Aside from infusing affirmations into her music, Chanté practices them daily. Among her favorites: “I am inspiring millions;” “I am attracted to abundance, abundance is attracted to me;” “I am present I am here I am now;” “The divine love I am seeking is also seeking me.” With affirmations that sound like poetry in and of themselves, it’s no wonder that Mel Chanté is so on point, and only fitting that Flo reflects that.

Follow Mel Chanté on Instagram for ongoing updates.

Lily Talmers Chooses Her Words Carefully on Remember Me As Holy EP

Coming of age: we all do it. But a very select few of us do it with as much grace, self-awareness and poetry as Lily Talmers. The Birmingham, Michigan native and recent University of Michigan grad combines her stunning mastery of the English language with her unorthodox classical music training to create a viscerally raw and beautiful debut record, Remember Me as Holy.  

For someone who never really set out to be a songwriter to begin with, Talmers’ poetic lyrics and intrinsic sense of melody make her a very, very good one. “It’s kind of a weak thing to do,” Talmers says of songwriting. “At least in my mind, I think I wanted to be an engineer or a doctor, something so hard and objective… objective is the best word to describe what I wanted to be.”

Sure, performing open-heart surgery or aiding in developing the COVID-19 vaccine can be seen as more “objectively” utilitarian than writing a song. But, as we all know, music has a unique healing ability that can’t be found in any medication or surgery – especially, at this moment in time, songs which pull on the tender strings of a desperate nation teetering between change and stagnancy.

In “Miss America,” Talmers meets us at a moment of reckoning and rebuilding, begging her country to see through the smokescreen it’s been looking at for years. “I’ve been staring at you darling/Sitting back and wonderin’, what the hell you’re gonna do,” Talmers sings to the millions of undecided voters. “‘Cause it all comes back to you who eat your dinner with the T.V. on/And who smile thinking everybody else is wrong/Yes, you who drink your coffee with the curtains drawn/Yes, still it’s you that we’re all counting on.” It’s a simple and poignant way to describe the MAGA masses that stayed loyal to 45 throughout his hack job of a presidency without dismissing them completely. And she does all this in a voice as soothing as the ocean – even when she’s talking about a nation’s proverbial nose-dive. 

Though Talmers is a multi-instrumentalist (piano, guitar, banjo and cello), she explains that the most important part about songwriting, to her, is the language she uses. “My compulsion and obsession with songwriting is definitely lyricism, and the spirit of a song, what it’s trying to say,” says Talmers. This focus on words is befitting for the musician who studied literature and English, although that wasn’t always the initial plan. For her first few years at university, Talmers was a neuroscience major with the goal of eventually becoming a doctor. Even with the rigorous coursework, she was still moonlighting as a musician. “I was finishing my homework so I could feed my obsession with writing songs,” Talmers remembers.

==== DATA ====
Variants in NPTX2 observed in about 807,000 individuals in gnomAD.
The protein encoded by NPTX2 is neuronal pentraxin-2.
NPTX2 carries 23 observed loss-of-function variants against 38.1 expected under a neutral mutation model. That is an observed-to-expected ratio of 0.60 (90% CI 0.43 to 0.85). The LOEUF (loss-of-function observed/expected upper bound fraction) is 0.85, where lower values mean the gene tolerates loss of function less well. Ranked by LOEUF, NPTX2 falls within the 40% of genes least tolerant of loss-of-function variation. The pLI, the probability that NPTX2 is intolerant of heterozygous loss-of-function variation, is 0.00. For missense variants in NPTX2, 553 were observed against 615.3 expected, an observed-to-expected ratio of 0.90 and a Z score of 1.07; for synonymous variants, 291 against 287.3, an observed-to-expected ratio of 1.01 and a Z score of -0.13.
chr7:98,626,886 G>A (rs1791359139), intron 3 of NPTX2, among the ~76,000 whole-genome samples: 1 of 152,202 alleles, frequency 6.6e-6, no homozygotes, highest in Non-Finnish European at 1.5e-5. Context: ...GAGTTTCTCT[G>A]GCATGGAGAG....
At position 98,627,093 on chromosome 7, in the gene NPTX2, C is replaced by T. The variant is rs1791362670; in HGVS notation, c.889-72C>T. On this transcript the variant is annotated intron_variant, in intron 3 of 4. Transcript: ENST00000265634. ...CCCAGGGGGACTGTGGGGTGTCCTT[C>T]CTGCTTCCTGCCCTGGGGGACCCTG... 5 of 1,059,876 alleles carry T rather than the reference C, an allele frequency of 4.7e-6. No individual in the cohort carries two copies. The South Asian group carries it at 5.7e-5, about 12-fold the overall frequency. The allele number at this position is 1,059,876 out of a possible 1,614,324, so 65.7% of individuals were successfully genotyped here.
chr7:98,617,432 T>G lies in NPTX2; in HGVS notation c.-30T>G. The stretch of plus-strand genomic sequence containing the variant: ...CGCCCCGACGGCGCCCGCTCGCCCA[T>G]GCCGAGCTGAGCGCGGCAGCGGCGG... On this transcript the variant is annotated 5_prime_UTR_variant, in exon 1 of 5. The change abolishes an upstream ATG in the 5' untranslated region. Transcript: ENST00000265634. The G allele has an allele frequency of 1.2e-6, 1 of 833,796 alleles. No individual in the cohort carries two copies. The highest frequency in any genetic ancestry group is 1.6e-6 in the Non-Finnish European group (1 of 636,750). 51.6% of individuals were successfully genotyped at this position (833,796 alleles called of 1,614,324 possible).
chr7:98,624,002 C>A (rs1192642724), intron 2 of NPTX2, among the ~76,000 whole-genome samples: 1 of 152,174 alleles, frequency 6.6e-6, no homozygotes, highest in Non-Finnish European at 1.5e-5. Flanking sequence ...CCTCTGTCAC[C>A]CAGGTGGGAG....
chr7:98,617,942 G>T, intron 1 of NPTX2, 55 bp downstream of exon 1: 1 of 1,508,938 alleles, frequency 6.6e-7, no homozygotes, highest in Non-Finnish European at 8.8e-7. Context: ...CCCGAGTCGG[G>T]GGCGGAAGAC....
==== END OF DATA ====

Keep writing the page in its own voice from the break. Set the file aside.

An awakening came when Talmers was in Copenhagen for a neuroscience internship in the summer of 2018 that made her question the path she was on. But the artist found solace in her songwriting. “[The internship] was so bad and tortuous that that was what compelled me to go to my first open-mic in Portugal,” Talmers remembers; she was gracious enough to share a Facebook video of the performance.

The song she played there ended up being an important one for her for the validation it would provide. “I wrote it in a fit the night before and and then the next day I found this open mic in a random bar in the middle of Lisbon,” she says, crediting the bar “full of old men” (and other encouraging voices) for the inspiration she needed her to pursue music – even though the vulnerability of it makes her uneasy at times. “Even to this day it feels sort of vulnerable to perform – I never feel good,” Talmers says. “It’s not like I’m bad or anything. I just think it’s not that glamorous if your soul is on the line.” 

Talmers’ summer in Europe also held another musically formative moment; sitting in a hostel in Copenhagen, she heard Adrianne Lenker’s voice for the first time. “I heard ‘Masterpiece’ playing ambiently,” Talmers says. “And then I became obsessed.” She describes how Lenker’s songwriting style, both solo and with Big Thief, inspired her to take a more experimental approach with songwriting and trust that the listener will catch on. “She just digresses so much from normal songwriting rhetoric,” says Talmers. “The way that she writes is so sonic, the words that she chooses, I feel like she has really given me permission to express myself in an incoherent way almost, trusting that it makes sense.”